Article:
May 24 – September 15, 2006

Fiji is an island nation located approximately 1,800 miles east of Australia and 1,000 miles north of New Zealand. It is comprised of more than 300 islands with a total land mass of just over 7,000 square miles spread over more than 250,000 square miles of the Pacific Ocean. It is more than 97% water. Fiji spans from 15 south to 22 south and 177 west to 174 east. Although it spans the international dateline, it uses a single time zone west of the dateline.  Its time zone is GMT + 12.

 Approximately 100 of the 300 islands are populated, and the total national population is around 900,000.  Just over half – 51% – of the population is indigenous Fijian, 44% is Indo-Fijian, and the remaining 5% is a diverse mixture.

Fiji has been populated for an estimated 3,600 years – maybe longer. The original immigrants were from Southeast Asia, and they migrated through Indonesia and what is now Papua New Guinea around 1600 BC. There was probably another smaller migration around 400-100 BC. Then there was a massive migration from Melanesia from 1000-1800 AD that introduced sophisticated agriculture and a highly developed culture.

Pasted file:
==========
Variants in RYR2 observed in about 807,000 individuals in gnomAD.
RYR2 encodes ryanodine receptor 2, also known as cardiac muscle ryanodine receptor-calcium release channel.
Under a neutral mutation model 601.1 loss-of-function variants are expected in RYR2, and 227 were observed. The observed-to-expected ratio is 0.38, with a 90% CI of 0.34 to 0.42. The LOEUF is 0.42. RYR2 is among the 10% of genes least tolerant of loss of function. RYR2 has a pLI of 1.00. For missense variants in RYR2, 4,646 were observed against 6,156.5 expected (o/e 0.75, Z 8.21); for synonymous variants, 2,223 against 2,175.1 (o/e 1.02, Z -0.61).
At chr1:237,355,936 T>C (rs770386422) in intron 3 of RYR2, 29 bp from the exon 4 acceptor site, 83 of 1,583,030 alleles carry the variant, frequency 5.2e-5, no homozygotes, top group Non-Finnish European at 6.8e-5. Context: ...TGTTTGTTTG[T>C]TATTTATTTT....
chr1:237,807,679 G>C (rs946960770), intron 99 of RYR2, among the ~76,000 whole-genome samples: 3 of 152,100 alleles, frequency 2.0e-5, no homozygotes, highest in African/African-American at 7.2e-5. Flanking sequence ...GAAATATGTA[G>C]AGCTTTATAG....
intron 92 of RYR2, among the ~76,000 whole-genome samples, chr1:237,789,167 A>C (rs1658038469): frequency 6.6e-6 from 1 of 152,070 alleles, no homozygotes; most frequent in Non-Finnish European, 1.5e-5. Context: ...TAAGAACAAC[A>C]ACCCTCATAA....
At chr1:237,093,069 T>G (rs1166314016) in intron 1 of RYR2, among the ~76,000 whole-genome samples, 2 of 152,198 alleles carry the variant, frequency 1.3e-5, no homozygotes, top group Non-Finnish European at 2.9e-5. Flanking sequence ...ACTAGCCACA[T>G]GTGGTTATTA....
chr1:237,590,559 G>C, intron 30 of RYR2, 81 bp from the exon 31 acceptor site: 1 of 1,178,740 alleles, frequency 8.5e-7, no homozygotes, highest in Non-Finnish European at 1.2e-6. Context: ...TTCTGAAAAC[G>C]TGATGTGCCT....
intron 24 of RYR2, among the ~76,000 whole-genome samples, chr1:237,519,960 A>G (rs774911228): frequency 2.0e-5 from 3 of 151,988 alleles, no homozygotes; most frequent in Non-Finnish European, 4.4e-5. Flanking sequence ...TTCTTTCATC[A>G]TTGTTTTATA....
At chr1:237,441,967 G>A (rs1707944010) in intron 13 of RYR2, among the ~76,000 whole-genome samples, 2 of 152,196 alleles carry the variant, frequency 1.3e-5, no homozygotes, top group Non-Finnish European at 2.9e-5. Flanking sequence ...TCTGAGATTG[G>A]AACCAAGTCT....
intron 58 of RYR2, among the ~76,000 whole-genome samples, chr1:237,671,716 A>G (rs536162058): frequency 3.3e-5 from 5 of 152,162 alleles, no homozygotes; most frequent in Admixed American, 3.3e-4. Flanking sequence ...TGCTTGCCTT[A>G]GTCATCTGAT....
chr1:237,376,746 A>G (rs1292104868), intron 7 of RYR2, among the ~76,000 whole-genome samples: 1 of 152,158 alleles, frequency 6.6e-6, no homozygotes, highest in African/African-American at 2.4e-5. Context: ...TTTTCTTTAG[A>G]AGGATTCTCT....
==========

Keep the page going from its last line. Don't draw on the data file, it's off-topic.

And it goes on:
Pre-European Fijian society was highly evolved, stratified, and had a complicated class system.  The selection of chiefs was based on complicated rules of lineage, and chiefs ruled with tremendous power. It was a very violent society.  However, like other Pacific island groups, Fiji was forever changed by European explorers and Christian missionaries during the seventeenth and eighteenth centuries. 

The first European to sight Fiji was the Dutch explorer, Abel Tasman.  He was traveling from Tonga to Papua New Guinea when he sighted Nukubasaga, a sand cay west of Vanua Levu, on February 6, 1643.  The next European to visit Fiji was Captain Cook while he, too, was traveling from Tonga.  He landed on Vatoa Island in the southern Lau group.  The third European to sight Fiji was the infamous Captain Bligh and his 18 men in an open boat after the mutiny on the Bounty.  Bligh knew of the ferocious reputation of Fijian men, and he did not want to stop at any Fijian islands, but he had little choice but to pass through them.  And he was, indeed, pursued by two Fijian canoes off the Yasawa group; however, the canoes returned to land at sunset.